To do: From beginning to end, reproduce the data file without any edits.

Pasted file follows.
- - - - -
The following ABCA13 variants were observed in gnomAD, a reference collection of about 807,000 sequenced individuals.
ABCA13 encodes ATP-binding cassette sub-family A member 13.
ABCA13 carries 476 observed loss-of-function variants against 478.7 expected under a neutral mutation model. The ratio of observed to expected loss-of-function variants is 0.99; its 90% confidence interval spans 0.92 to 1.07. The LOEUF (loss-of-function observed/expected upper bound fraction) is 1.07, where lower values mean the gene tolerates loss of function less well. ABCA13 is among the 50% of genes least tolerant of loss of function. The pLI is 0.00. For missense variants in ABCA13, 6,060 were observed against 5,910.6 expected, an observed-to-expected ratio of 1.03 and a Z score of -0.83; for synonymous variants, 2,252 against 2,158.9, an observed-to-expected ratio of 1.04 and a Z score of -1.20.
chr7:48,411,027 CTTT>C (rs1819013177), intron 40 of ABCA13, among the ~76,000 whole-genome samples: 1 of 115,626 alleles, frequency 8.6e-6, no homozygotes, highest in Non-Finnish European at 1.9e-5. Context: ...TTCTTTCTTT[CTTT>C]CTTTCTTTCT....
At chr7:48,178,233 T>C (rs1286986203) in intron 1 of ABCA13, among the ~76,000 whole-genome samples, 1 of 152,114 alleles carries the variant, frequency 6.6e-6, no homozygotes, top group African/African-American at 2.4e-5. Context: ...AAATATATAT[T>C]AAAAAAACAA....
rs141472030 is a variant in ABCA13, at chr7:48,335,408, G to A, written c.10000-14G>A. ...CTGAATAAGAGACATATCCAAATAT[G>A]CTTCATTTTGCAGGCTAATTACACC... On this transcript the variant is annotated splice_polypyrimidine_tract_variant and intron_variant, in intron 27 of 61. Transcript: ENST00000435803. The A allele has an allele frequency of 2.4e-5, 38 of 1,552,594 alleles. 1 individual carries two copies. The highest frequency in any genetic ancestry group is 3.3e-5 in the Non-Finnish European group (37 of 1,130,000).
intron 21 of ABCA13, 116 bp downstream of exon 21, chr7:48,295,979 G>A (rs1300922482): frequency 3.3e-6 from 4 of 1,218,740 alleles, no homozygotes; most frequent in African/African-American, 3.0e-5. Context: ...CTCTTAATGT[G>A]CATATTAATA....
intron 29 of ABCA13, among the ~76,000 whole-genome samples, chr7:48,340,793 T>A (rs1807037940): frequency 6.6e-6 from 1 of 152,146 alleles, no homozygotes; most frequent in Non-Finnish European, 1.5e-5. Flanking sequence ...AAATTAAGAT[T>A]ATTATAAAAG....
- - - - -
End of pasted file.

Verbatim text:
The following ABCA13 variants were observed in gnomAD, a reference collection of about 807,000 sequenced individuals.
ABCA13 encodes ATP-binding cassette sub-family A member 13.
ABCA13 carries 476 observed loss-of-function variants against 478.7 expected under a neutral mutation model. The ratio of observed to expected loss-of-function variants is 0.99; its 90% confidence interval spans 0.92 to 1.07. The LOEUF (loss-of-function observed/expected upper bound fraction) is 1.07, where lower values mean the gene tolerates loss of function less well. ABCA13 is among the 50% of genes least tolerant of loss of function. The pLI is 0.00. For missense variants in ABCA13, 6,060 were observed against 5,910.6 expected, an observed-to-expected ratio of 1.03 and a Z score of -0.83; for synonymous variants, 2,252 against 2,158.9, an observed-to-expected ratio of 1.04 and a Z score of -1.20.
chr7:48,411,027 CTTT>C (rs1819013177), intron 40 of ABCA13, among the ~76,000 whole-genome samples: 1 of 115,626 alleles, frequency 8.6e-6, no homozygotes, highest in Non-Finnish European at 1.9e-5. Context: ...TTCTTTCTTT[CTTT>C]CTTTCTTTCT....
At chr7:48,178,233 T>C (rs1286986203) in intron 1 of ABCA13, among the ~76,000 whole-genome samples, 1 of 152,114 alleles carries the variant, frequency 6.6e-6, no homozygotes, top group African/African-American at 2.4e-5. Context: ...AAATATATAT[T>C]AAAAAAACAA....
rs141472030 is a variant in ABCA13, at chr7:48,335,408, G to A, written c.10000-14G>A. ...CTGAATAAGAGACATATCCAAATAT[G>A]CTTCATTTTGCAGGCTAATTACACC... On this transcript the variant is annotated splice_polypyrimidine_tract_variant and intron_variant, in intron 27 of 61. Transcript: ENST00000435803. The A allele has an allele frequency of 2.4e-5, 38 of 1,552,594 alleles. 1 individual carries two copies. The highest frequency in any genetic ancestry group is 3.3e-5 in the Non-Finnish European group (37 of 1,130,000).
intron 21 of ABCA13, 116 bp downstream of exon 21, chr7:48,295,979 G>A (rs1300922482): frequency 3.3e-6 from 4 of 1,218,740 alleles, no homozygotes; most frequent in African/African-American, 3.0e-5. Context: ...CTCTTAATGT[G>A]CATATTAATA....
intron 29 of ABCA13, among the ~76,000 whole-genome samples, chr7:48,340,793 T>A (rs1807037940): frequency 6.6e-6 from 1 of 152,146 alleles, no homozygotes; most frequent in Non-Finnish European, 1.5e-5. Flanking sequence ...AAATTAAGAT[T>A]ATTATAAAAG....